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Inexplicable buffer crash

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Old Unix and Linux 02-03-2016   -   Original Discussion by Corona688
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Inexplicable buffer crash

I am building a wrapper around fgets, and fighting crashes for no reason I can explain.

I have stripped it down as far as I can and it still crashes.


Code:
#include <stdio.h>
#include <stdlib.h>

typedef struct {
        char buf[4096];
        FILE *fp;
        int type;
} wrap;

wrap *wrap_open(const char *file) {
        wrap *wrap=malloc(sizeof(wrap));
        wrap->fp=fopen(file, "r");
        wrap->type=fgetc(wrap->fp);
        ungetc(wrap->type, wrap->fp);
        return(wrap);
}

int wrap_close(wrap *d) {
        if(d == NULL) return(-1);
        if(d->fp)       fclose(d->fp);
        free(d);
        return(0);
}

int wrap_read(wrap *d) {
        if(fgets(d->buf, 100, d->fp) == NULL)
        {
                perror("EOF");
                return(0);
        }

        return(1);
}

int main(int argc, char *argv[]) {
        int n;
        wrap *d;

        if(argc < 2) return(1);

        d=wrap_open(argv[1]);
        if(d == NULL) return(2);

        for(n=0; n<10; n++)
                if(!wrap_read(d)) break;

        wrap_close(d);
        return(0);
}

The first inexplicable thing happens during fgets(), which fails for no good reason. perror prints "EOF: Success". The loop quits early due to this mysterious failure, and when wrap_free() is called, the program dies with "*** Error in `./a.out': munmap_chunk(): invalid pointer: 0x0000000000c8f030 ***", where c8f030 was a valid pointer to wrap.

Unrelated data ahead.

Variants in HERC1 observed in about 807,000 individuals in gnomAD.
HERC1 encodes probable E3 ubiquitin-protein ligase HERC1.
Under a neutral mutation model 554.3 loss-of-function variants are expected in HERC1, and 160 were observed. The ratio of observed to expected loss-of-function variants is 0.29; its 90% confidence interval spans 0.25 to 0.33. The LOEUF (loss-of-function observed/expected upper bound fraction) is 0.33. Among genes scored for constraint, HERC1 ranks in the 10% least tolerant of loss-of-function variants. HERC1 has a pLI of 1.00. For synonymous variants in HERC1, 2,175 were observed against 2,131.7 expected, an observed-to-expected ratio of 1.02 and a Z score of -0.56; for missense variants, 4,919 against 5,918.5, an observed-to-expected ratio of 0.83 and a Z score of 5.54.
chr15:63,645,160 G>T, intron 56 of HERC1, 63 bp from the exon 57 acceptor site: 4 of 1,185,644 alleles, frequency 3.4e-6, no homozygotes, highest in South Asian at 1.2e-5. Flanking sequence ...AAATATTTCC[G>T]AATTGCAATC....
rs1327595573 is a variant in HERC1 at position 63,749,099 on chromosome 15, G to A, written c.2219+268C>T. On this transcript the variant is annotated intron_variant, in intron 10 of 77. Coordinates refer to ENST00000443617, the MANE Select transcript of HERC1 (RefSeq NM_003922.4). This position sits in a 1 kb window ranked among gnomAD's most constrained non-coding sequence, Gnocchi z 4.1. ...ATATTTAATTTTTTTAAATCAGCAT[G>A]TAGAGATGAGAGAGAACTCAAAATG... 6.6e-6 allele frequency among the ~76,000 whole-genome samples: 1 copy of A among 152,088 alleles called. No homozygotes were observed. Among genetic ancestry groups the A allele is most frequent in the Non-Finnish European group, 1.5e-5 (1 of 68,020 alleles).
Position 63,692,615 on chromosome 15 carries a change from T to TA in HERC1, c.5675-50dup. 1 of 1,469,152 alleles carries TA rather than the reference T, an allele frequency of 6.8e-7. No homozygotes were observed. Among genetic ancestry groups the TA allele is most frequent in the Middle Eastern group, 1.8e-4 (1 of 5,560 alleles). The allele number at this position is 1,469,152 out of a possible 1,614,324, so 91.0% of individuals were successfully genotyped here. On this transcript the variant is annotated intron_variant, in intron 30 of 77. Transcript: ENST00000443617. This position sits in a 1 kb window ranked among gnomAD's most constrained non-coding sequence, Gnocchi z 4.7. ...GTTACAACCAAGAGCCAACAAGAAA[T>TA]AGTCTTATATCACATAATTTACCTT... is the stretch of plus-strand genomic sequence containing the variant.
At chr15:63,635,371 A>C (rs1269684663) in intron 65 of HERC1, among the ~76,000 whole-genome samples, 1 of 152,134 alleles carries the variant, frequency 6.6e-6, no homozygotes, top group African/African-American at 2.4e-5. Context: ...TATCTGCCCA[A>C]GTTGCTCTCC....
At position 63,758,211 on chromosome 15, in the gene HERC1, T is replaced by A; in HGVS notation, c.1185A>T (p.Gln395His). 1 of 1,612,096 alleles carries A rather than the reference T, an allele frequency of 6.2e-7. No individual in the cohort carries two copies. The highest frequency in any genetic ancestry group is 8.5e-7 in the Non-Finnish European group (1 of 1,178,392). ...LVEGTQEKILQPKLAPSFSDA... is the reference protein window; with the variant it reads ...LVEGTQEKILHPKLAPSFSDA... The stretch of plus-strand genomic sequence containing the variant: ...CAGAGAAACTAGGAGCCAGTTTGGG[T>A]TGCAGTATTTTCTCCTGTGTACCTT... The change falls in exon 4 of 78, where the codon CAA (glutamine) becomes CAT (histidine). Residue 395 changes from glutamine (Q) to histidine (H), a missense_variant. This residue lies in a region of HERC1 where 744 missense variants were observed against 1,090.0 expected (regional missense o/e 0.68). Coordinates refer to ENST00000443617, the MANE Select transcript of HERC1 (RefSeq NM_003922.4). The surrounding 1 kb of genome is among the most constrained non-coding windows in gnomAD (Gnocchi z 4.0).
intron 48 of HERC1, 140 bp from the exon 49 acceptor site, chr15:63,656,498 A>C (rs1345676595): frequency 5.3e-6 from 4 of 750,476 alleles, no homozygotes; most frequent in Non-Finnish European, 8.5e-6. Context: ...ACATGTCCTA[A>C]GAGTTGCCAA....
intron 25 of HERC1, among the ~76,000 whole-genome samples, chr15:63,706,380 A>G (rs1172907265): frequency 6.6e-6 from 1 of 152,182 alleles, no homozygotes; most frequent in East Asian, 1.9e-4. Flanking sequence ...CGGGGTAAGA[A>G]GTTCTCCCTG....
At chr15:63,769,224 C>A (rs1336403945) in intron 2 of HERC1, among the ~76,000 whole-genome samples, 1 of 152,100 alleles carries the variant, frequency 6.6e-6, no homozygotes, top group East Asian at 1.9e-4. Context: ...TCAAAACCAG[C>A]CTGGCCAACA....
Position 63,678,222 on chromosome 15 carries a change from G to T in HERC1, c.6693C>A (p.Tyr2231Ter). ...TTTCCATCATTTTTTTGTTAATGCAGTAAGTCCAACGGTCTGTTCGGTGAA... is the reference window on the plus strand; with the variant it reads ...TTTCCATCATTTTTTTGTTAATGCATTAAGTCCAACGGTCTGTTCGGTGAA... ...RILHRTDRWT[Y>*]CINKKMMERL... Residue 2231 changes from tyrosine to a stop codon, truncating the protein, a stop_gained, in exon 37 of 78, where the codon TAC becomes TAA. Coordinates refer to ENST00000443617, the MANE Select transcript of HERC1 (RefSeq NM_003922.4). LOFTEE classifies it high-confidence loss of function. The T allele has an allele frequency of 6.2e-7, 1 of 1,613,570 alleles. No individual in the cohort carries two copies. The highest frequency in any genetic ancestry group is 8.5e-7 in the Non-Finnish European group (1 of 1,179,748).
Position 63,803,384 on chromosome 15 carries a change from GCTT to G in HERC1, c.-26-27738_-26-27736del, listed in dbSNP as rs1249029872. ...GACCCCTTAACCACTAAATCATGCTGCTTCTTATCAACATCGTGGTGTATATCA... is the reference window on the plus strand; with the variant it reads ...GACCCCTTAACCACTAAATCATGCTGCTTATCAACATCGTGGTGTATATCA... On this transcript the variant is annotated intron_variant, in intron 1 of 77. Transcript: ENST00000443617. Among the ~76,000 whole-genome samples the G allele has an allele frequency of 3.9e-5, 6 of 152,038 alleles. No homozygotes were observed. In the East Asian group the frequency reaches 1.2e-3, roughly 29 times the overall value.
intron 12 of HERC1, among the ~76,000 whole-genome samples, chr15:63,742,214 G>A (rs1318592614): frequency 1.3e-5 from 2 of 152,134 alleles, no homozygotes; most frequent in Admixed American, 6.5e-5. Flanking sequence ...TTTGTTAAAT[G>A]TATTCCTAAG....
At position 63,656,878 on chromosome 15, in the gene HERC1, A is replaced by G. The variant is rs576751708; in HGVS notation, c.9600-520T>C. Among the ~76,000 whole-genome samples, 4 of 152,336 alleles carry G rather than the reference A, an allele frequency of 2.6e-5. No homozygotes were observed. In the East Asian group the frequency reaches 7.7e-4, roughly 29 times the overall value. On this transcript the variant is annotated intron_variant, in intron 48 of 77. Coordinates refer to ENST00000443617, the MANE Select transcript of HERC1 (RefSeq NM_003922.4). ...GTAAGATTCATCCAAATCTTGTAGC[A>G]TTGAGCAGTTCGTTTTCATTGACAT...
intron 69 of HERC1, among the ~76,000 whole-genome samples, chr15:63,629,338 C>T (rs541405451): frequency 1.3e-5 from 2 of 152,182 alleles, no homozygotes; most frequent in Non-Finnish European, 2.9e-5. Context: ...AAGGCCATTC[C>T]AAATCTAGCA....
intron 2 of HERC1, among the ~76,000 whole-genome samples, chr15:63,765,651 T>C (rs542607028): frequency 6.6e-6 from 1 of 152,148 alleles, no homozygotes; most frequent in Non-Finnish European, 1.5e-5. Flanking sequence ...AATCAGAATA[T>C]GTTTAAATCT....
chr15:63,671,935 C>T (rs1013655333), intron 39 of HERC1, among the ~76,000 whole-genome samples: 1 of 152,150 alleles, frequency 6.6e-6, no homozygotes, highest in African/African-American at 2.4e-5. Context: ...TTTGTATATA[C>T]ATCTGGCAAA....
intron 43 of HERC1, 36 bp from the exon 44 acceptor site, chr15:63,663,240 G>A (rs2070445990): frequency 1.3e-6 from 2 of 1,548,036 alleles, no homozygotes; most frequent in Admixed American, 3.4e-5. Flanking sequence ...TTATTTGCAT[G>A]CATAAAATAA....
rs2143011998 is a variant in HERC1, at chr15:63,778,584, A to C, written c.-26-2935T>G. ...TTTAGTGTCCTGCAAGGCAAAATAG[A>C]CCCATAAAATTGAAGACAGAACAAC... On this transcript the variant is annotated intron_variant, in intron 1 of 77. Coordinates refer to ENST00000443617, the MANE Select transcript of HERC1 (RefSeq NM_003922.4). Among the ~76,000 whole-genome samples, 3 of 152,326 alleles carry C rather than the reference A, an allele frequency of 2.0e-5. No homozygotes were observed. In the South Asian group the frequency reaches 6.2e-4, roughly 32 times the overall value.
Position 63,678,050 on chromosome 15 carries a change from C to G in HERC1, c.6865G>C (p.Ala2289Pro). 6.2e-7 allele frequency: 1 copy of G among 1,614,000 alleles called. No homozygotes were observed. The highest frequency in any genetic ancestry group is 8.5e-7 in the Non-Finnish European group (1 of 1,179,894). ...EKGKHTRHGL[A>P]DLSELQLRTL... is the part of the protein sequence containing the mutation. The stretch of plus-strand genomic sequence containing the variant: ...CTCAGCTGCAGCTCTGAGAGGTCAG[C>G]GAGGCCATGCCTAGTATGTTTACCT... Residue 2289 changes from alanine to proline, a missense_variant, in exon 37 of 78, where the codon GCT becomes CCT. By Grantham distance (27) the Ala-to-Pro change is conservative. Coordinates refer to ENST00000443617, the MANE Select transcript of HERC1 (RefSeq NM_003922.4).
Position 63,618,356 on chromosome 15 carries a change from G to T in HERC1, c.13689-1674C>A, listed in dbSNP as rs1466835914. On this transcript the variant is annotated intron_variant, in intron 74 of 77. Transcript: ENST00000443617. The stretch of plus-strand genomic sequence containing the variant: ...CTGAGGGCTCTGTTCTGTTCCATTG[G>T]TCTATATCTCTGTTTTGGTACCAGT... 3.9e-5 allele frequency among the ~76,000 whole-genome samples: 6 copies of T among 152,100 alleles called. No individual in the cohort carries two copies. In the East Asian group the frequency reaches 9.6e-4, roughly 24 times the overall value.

This does not happen at all when buf[] doesn't reside inside the structure. Everything is happy in that case. Clearly an overflow is happening, but I have no idea why or where.

I am not overflowing the bounds of the array. I checked that, and 100 bytes can't be overflowing 4K anyway.

I am definitely allocating enough memory. sizeof(wrap) is larger than 4096 bytes.

The values of wrap and wrap->fp are not being corrupted.

No mysterious properties of ungetc are crashing it. It still dies without it.

What obvious thing have I missed?
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Old Unix and Linux 02-03-2016   -   Original Discussion by Corona688
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Hi.

Splint raised 14 warnings in the code, but I did not look at any in detail ... cheers, drl
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Old Unix and Linux 02-03-2016   -   Original Discussion by Corona688
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Which 14 warnings?

I left out a ton of error checking for brevity, none of which changes the flow of the program. Crashes the exact same either way.
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Old Unix and Linux 02-03-2016   -   Original Discussion by Corona688
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Hi.

Namely:

Code:
Splint 3.1.2 --- 20 Feb 2009

one.c: (in function wrap_open)
one.c:12:13: Arrow access from possibly null pointer wrap: wrap->fp
  A possibly null pointer is dereferenced.  Value is either the result of a
  function which may return null (in which case, code should check it is not
  null), or a global, parameter or structure field declared with the null
  qualifier. (Use -nullderef to inhibit warning)
   one.c:11:20: Storage wrap may become null
one.c:12:9: Dependent storage assigned to implicitly only:
               wrap->fp = fopen(file, "r")
  Dependent storage is transferred to a non-dependent reference. (Use
  -dependenttrans to inhibit warning)